“But Marie could look after herself. She rode above it all and instilled the same toughness in the girls who followed her into battle. Girls who remained close friends right to the end, which not many bosses can boast.“I’ve received piles of messages from Post staff, describing her as their role model and motivating them into achieving things they never imagined they could. One wrote, saying: “She was a true inspiration and spearheaded ‘girl power’ long before the Spice Girls” and in 1986 she won a national ‘Women Mean Business’ award.“Two years later we sold the Post and departed in 1989. Whereupon Marie embarked on her third or was it her fourth career? We had started Derngate Gym on the ground floor of our offices in 1986 and Marie went on to run it for 25 years, defying ever-increasing competition from national gym chains. Along the way she even trained as an aerobics instructor.“Throughout this time, she wrote a hard-hitting weekly newspaper column. It was called Pandora’s Box and it ran for 40 years. She started it in the Post and when the new owners started cutting it back, she was head-hunted by the Chronicle & Echo and switched it to them. She targeted all the topics that made her blood boil and only revealed her identity in her last column in 2017.“At its best, it was certainly Fleet Street standard and the current Chronicle editor wrote to me last week and said it could have been the most popular column in the paper’s history.“Marie was certainly never short of an anecdote whether in her column, at a dinner party or on a dog walk. She revelled in her brief encounters with celebrities.“At a lunch, Eric Morecambe asked her to give him a kiss ‘while the wife wasn’t looking’.“England footballer John Barnes fondly patted her bottom at a party. And even though she’s never smoked, she accepted a cigarette off Roy Orbison in his dressing room.“After encountering The Fonz, Henry Winkler, by the checkout at John Lewis in Milton Keynes, he sent her a photo of himself signed ‘To Lovely Marie with lots of hugs.’“When Marie told John Major she’d voted for him, he cried: “I’ve found my supporter” and he gave her a kiss too. And most famously, when England’s World Cup winner Geoff Hurst asked her out to dinner, she told him: “No. I am happily married.”“But Marie did love her football. I introduced her to it at St James’s Park, home of Newcastle United and she was hooked. I often heard her telling young girls that if they wanted their relationships and marriages to last, they had to get into football, understand it and watch it with their fellers.“Marie certainly did and she was over the moon with Newcastle’s tremendous revival in the last two years. She wasn’t quite so fond of cricket, but she did chalk up a record 25 years making cricket club teas when I was playing for Collingtree. And that village’s summer fetes have never been the same since Marie stopped appearing, dressed as a gypsy fortune teller, reading cards with what turned out to be remarkable accuracy.“Her favourite sport however, was tennis. She started playing while recovering from her first bout of breast cancer in 1998 and played every Tuesday right up to being taken into hospital two months ago.“She made friends for life along the way, despite the fact they could never fathom her crafty second serve.“So when we lay her to rest in Boughton’s Old Churchyard, there will be a tennis ball inside her coffin along with a copy of her last newspaper column; her favourite teacup; her union jack apron. And of course, her Waitrose card.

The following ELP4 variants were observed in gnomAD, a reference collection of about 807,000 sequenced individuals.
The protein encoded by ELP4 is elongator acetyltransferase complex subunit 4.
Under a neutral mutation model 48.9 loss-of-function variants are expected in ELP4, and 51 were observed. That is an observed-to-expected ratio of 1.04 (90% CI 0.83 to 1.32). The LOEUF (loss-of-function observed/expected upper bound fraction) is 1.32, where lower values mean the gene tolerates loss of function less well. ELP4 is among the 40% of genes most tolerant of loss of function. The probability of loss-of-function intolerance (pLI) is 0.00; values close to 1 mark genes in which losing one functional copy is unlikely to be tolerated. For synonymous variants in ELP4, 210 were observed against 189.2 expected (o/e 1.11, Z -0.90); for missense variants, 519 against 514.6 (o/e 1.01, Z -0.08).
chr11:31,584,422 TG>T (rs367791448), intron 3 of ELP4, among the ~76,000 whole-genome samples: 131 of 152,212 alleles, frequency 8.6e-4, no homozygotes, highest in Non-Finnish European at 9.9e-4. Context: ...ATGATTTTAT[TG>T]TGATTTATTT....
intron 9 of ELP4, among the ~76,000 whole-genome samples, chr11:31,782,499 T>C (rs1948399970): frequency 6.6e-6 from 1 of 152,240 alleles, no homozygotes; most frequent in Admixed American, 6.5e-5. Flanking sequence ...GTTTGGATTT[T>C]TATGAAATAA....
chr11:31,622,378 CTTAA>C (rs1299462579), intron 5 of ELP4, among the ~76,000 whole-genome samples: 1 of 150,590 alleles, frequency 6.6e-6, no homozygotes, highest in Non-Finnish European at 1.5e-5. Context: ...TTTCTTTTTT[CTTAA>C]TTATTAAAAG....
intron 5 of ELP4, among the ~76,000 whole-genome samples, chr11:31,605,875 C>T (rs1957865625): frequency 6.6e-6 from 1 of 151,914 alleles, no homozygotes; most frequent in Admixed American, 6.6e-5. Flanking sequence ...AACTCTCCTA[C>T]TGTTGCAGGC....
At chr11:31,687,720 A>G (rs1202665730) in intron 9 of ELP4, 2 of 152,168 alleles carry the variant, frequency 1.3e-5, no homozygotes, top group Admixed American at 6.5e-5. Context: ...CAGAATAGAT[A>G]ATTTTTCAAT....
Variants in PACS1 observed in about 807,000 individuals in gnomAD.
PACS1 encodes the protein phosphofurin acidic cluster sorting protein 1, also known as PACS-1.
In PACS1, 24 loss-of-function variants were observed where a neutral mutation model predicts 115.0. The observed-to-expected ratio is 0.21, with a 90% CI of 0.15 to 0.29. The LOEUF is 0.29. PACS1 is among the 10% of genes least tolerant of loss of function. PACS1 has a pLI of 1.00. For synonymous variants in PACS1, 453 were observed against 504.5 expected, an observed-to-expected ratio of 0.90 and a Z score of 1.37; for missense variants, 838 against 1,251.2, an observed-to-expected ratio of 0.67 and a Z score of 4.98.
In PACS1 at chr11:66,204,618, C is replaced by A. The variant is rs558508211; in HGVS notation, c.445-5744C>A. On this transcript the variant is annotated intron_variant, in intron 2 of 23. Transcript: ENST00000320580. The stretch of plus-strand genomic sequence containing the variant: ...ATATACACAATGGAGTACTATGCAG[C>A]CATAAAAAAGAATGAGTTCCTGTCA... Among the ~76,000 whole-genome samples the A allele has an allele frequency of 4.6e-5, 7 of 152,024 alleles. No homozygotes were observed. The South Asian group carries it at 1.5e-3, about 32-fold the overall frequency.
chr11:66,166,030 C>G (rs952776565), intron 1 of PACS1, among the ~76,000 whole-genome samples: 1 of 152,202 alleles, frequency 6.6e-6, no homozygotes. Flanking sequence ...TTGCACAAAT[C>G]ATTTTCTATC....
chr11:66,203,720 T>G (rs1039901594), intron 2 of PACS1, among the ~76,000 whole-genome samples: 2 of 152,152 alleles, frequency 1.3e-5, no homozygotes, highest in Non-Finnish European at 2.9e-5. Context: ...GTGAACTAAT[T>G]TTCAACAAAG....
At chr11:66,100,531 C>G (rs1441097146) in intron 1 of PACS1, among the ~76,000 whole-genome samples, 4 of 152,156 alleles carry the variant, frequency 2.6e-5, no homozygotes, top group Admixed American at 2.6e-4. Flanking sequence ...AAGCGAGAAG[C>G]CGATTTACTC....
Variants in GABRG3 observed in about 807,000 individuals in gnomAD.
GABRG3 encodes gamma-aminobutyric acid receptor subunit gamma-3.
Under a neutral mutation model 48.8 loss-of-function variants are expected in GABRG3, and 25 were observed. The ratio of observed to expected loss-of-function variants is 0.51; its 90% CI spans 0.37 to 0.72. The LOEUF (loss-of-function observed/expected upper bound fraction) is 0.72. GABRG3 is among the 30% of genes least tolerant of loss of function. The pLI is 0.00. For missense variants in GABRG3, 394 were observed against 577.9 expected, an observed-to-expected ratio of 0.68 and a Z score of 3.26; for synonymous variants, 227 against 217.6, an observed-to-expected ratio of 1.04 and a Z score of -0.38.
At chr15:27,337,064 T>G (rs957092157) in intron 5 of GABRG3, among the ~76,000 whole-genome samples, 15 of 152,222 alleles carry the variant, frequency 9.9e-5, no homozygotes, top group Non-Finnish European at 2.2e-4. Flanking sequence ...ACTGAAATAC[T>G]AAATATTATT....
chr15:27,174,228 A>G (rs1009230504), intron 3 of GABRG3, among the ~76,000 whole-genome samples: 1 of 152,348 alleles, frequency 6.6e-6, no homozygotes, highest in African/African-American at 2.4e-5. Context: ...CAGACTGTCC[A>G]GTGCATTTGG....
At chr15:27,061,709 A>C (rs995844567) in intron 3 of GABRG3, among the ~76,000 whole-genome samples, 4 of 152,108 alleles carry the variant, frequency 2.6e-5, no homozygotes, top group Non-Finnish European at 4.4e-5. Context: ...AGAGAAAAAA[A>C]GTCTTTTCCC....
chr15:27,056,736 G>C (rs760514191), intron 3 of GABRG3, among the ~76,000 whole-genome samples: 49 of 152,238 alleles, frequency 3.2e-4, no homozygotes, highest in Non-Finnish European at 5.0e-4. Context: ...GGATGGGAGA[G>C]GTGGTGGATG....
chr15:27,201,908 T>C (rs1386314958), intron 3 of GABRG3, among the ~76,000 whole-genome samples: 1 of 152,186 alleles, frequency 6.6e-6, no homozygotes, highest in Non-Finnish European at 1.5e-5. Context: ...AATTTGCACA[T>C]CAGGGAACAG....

“We didn’t write many letters to one another, but I found one the other night which was quite poignant.Right after her first breast cancer treatment in 1998, she wrote to me saying how scared she was that her doctor was going to tell her the cancer had spread to her bones. Thankfully it hadn’t.“So Marie had 25 fabulous years left and her stay of execution enabled her to see our children Richard and Kerry emerge from university with very good degrees, train as journalists and move on into very satisfying jobs that they love, both contributing a great deal to society.“She’s hosted countless parties, many in fancy dress. Numerous dinner parties where the odd culinary disaster has everyone in fits. And her gym staged a lot of riotous children’s parties for NSPCC funds.“She stripped off for a Calendar Girls Calendar that raised £27,000 - ironically to support cancer care. Ironically, because not long afterwards she was having to shrug off two more cancer operations.“And these were followed by a big operation to cure something completely different - water on the brain.“To cap it all she was diagnosed just four months ago with mixed dementia.“But despite bad luck with her health, she dusted herself down and battled on.She still loved to play Bridge and always had lots of fun with the Boughton Book Club, where she’d become a kind of mother figure to some wonderful ladies in the village, all a good deal younger than herself, who would hang on her every word.“And of course she loved being with our four grandchildren, Jack, Freya, Lara and Cleo, who all adored her magical ways.In June they gave her a swing for her birthday. The seat is beautifully inscribed with the message ‘Higher, Grandma Pinky, Higher’. And I think we can safely assume that Marie will certainly be going higher.“She has been the most marvellous wife anyone could wish for and to sum her up, I would like to quote a few words from our daughter Kerry: “She made people feel valued and important; she wanted everyone to succeed; she was unbelievably generous; she was easy to love. And she was incredibly appreciative for everything that life gave her. She gave Ric and I unconditional love and unwavering support and she made us believe we could be anything we wanted to be. We were truly lucky to have been raised by such an incredible woman and we’re forever grateful that we got to be part of such a wonderful life.”

“We were all very lucky to have her. The impact she had on so many people is quite remarkable. She has clearly led the most extraordinary life and now it’s time for Marie to Rest in Peace.”